Saturday, April 14, 2012

Dad Is Online; Please Hide The Mouse

My dad, who is 72 years old, entered the modern-day world a few weeks ago by purchasing his first home computer.  Just a few years ago he got his first cell phone.  I guess it is never too late to teach an old dog new tricks.

He retired at a young age in 1990 and ever experienced the Internet Revolution that swept in just as he was exiting the business world.  I wonder what it must have been like to be in a cryogenic-like, tech slumber for all these years and then to finally have the online world brought into your living room.  For two decades he knew about Web sites, e-mails, and downloads but never experienced them on a regular basis, firsthand.

In many ways his disconnect left him on the other side of a very big line drawn in the sand.  He fell behind the rest of the world and is now looking to catch up.  On the other hand, he was able to live free of viruses, spam, and the nagging demands of life lived online.

Would not being online now be similar to not having a TV set until 1973?  Actually, my dad did not get our first color television set until around 1980 or so, way past the time when such sets were mass produced.  Maybe there’s a pattern here?

My dad won’t get a Facebook page.  “Who’d want to see my profile?” he says.  I don’t think he’ll create a website but he did ask about creating a blog.  Next I know he’ll be tweeting.  I think my two dogs have a better chance at sending a Tweet than he does.

There were many times I wanted to use e-mail to send him a quick note rather than have to call him.  Though I can get away with that with most other people, I still need to pick up the phone with him.  Even now, he’s not online 24-7.  His cell phone is a flip phone with no digital plan.  If I email him today he might see it in a few days—if he doesn’t delete it accidentally.  He’ll soon be in a race with my seven-year-old son, Benjamin, to see who can do what on a computer.  My money is on youth.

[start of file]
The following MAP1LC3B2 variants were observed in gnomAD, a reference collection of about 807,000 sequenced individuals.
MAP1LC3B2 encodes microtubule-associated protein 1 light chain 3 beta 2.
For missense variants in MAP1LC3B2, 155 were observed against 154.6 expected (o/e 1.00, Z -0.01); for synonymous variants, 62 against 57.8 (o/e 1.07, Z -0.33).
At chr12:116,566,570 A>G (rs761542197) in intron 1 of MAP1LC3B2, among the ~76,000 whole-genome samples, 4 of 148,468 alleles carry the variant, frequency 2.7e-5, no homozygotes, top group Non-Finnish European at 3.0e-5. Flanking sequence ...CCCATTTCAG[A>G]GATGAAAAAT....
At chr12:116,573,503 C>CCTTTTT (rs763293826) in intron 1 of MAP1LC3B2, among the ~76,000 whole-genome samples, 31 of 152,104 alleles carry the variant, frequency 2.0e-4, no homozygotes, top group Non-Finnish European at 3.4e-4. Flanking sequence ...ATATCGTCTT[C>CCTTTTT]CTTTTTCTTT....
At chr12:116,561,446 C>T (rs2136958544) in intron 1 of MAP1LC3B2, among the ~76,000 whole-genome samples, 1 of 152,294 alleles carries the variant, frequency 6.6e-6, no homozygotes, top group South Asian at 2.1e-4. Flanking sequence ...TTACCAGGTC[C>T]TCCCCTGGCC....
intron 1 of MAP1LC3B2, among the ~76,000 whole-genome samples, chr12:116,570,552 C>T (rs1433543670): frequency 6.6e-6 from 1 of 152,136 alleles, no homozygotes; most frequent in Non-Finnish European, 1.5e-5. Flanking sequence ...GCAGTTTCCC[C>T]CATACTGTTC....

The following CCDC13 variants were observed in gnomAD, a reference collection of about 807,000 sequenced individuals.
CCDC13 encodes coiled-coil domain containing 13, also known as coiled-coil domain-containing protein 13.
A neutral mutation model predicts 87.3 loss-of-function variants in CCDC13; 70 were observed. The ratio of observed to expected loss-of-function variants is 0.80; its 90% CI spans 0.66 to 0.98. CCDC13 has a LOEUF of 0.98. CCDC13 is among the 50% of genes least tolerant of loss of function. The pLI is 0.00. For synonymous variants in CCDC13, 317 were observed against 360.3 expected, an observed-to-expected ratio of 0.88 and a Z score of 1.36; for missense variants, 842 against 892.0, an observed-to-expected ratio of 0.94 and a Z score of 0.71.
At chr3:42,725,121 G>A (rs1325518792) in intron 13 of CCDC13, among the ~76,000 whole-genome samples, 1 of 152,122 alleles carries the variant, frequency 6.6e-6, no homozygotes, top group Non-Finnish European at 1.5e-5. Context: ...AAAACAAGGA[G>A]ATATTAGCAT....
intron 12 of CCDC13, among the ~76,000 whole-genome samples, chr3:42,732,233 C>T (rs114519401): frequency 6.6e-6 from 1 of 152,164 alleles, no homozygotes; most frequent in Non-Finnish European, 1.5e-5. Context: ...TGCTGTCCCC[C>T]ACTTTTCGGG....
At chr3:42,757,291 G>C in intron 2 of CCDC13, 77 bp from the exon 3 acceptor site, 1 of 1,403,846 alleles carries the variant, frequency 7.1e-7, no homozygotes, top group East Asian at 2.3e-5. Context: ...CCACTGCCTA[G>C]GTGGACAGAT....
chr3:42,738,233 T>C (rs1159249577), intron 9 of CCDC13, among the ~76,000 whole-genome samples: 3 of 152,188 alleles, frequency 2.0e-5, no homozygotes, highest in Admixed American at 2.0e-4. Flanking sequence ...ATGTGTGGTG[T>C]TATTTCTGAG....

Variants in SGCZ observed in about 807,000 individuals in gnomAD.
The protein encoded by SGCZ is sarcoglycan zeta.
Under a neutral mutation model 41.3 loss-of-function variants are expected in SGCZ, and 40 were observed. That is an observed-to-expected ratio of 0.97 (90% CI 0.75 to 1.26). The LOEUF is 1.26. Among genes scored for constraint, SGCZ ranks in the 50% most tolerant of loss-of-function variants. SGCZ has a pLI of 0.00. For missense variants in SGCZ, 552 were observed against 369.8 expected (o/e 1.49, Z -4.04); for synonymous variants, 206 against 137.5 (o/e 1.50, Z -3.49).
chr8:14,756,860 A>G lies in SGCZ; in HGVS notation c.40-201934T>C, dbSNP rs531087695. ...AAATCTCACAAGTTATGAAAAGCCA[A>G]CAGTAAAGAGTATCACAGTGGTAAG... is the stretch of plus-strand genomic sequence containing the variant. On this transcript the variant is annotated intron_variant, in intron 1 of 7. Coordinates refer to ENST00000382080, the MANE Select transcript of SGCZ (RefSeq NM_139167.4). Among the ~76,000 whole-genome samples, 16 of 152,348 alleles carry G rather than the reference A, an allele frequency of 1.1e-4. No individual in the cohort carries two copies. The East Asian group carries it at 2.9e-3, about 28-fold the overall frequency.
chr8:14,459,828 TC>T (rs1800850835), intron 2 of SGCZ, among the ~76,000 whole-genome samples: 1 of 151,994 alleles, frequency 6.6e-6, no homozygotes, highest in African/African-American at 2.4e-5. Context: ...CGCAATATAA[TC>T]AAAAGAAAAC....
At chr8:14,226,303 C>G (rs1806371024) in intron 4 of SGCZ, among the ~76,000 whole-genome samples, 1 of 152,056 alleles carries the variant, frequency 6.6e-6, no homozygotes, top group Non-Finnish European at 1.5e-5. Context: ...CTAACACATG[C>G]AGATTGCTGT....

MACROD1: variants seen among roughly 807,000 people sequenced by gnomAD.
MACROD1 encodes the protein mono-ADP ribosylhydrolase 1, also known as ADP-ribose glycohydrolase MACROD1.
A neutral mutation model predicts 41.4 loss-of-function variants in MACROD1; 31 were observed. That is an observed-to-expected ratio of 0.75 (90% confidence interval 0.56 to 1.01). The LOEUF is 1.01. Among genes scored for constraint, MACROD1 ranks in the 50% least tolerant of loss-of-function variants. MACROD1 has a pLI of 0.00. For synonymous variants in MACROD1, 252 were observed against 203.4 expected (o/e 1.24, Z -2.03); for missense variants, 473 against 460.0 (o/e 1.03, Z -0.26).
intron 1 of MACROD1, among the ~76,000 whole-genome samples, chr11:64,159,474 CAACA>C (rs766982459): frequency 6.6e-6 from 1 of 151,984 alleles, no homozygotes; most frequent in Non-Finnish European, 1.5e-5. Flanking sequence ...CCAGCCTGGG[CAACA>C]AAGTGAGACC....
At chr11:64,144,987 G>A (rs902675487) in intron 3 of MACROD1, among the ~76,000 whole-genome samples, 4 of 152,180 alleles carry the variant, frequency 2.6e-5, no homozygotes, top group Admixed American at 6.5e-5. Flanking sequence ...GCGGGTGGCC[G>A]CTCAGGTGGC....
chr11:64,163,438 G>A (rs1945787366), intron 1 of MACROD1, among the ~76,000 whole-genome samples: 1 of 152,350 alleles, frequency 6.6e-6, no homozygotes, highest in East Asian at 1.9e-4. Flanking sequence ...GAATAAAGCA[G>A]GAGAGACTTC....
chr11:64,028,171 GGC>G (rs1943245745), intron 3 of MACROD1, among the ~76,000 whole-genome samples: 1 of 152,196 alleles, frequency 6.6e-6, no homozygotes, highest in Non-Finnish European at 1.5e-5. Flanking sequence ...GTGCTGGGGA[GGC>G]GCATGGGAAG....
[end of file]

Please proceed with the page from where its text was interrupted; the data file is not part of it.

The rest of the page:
Around the world there are still billions of people like my dad, off the grid and not hooked into the online world.  Even for those who are connected, they may have slow, limited, or censored access due to weak machines and strong governments.  It’ll be interesting to see the world of the Internet expand across the globe in the coming five to ten years.

My dad loves to write.  For him, the computer is a glorified typewriter that allows him to send out letters instantaneously.  He often writes to local newspapers, politicians, or police commissioners to seek justice or complain about something that needs public scrutiny.  He also likes to search for things online but he doesn’t just wander aimlessly, hoping to stumble upon a game or video or joke that will merely entertain him.

I tried to explain how attachments work, but without sitting down at a computer to demonstrate it was like an astronaut trying to explain how he commanded a spaceship.  It made me realize that the online world has its own vocabulary and own way of executing a task.  You can’t say “drag your mouse” or “click on the link”—you need to show it. 

A century from now people will read books that reference the online world of today and I suspect little of it will make sense.  There will be a lack of terminology and common experience by then.  Technology will evolve so fast, so often that there will be almost no resemblance between 2112 and 2012.

My dad just made a two-decade leap by getting online at home.  He’s probably only up to functioning at a 1997 level but we’ll get there.  And now I’ll be able to meet him online, as well as off.  Great, just when I thought I had my own space, even if its cyberspace, my dad will be there.  Welcome to the future, Dad. 

Brian Feinblum’s views, opinions, and ideas expressed in this blog are his alone and not that of his employer, the nation’s leading book publicity firm. You can follow him on Twitter @theprexpert and email him at He feels more important when discussed in the third-person

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